We aimed to investigate the relationship of ABI and baPWV with cognitive function. In this study, we focused on the first-ever acute stroke and a diagnosis of lacunar infarction because the basic mechanism of stroke differs among stroke subtypes. Additionally, in other stroke types, i.e., stroke types other than lacunar infarction, the stroke lesions usually involve the cerebral cortex, which itself can affect the cognitive function. In addition, we had to exclude cases of neurodegenerative diseases. Therefore, we tried to exclude cases of cerebral microbleeds (CMBs) and white matter lesions (WMLs). CMBs, especially lobar type CMBs, are associated with amyloid pathology. Severe WMLs are sometimes associated with neurodegenerative diseases such as leukoencepalopathy. Few reports have assessed the association between atherosclerosis and cognitive decline by excluding such factors. In this study, we investigated the relationship of ABI and baPWV with cognitive function in patients with first-ever lacunar infarction and without CMBs and WMLs.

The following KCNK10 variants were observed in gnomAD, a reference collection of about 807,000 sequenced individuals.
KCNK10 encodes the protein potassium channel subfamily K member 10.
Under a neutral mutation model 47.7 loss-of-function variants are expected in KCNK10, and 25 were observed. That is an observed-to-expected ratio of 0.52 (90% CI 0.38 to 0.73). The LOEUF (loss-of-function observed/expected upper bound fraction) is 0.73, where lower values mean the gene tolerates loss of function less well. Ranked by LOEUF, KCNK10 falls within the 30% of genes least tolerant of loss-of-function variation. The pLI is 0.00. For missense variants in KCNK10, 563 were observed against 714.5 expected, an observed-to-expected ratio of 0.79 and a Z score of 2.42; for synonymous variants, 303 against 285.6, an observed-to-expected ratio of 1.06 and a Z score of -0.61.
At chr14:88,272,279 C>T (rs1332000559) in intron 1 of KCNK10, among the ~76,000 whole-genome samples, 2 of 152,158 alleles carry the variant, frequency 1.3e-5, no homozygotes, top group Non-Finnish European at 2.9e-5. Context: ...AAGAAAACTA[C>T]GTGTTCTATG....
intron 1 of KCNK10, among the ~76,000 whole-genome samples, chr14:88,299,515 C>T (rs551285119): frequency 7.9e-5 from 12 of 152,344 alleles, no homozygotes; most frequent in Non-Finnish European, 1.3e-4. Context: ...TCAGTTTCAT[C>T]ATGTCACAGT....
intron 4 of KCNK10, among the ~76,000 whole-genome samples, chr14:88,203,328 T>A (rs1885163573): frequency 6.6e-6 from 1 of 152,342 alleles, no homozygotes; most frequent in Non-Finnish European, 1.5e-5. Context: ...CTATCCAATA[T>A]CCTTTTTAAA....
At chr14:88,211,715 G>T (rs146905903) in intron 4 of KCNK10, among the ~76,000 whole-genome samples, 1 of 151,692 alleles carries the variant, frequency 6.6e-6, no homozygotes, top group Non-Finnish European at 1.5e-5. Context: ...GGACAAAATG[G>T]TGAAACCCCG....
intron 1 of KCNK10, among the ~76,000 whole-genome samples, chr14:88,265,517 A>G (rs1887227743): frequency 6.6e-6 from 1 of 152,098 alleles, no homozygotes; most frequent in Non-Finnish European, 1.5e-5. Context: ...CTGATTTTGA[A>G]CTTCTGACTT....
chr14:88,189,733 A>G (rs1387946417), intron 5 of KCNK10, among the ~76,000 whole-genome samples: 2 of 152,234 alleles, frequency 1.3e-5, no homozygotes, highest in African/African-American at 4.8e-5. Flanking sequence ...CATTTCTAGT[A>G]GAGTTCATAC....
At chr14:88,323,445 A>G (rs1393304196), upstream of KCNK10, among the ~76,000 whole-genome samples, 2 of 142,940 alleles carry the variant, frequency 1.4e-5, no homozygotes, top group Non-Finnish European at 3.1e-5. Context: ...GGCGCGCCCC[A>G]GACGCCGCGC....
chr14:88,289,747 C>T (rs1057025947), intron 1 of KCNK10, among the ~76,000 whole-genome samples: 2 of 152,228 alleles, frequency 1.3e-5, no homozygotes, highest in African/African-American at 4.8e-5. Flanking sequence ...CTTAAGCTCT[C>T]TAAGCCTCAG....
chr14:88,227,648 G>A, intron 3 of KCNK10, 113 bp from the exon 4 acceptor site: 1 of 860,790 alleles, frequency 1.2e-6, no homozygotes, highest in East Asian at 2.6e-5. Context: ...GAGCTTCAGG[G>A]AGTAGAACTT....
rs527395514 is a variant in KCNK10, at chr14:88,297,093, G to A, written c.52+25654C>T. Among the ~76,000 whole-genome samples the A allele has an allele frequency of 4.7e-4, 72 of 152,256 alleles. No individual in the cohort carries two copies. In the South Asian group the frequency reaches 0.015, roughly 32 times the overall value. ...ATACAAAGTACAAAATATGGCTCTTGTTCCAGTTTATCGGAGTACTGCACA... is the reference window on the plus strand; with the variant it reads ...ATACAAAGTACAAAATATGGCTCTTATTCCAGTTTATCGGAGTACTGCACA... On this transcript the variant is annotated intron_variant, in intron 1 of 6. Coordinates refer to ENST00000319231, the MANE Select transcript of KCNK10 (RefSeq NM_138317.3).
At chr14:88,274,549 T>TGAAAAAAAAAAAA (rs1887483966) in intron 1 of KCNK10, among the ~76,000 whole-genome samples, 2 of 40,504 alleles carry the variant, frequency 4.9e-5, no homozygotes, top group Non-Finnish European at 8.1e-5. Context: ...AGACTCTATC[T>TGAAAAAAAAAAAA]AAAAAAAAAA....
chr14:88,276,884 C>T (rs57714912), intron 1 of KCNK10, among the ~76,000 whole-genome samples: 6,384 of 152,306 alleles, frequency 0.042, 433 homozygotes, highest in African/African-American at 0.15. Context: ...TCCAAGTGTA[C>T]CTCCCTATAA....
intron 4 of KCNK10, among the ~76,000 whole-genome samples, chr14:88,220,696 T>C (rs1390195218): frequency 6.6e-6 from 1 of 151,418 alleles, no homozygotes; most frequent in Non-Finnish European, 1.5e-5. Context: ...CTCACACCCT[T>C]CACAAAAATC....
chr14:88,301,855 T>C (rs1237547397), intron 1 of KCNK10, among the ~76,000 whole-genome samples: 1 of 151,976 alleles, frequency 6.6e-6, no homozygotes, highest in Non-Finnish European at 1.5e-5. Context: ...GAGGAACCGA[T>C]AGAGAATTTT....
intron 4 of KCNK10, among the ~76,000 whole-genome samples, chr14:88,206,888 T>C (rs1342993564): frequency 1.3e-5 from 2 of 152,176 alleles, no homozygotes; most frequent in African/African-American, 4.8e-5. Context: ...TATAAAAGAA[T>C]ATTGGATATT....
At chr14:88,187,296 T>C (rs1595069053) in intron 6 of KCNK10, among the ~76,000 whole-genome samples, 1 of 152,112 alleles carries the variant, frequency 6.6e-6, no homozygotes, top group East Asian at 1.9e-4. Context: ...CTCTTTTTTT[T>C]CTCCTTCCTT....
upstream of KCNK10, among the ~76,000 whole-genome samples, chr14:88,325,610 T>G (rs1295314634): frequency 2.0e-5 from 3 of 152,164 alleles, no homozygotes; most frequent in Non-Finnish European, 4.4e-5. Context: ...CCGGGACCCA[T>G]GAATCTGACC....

Materials and methods
The study protocol was approved by the ethics committee of Suiseikai Kajikawa Hospital (approval number 2019–07) and was performed in accordance with the national government guidelines based on the 1964 Declaration of Helsinki. By the ethics committee of Suiseikai Kajikawa Hospital, the requirement for written informed consent was waived owing to the retrospective nature of this study. Moreover, upon admission, the included patients consented for their data to be used for future studies.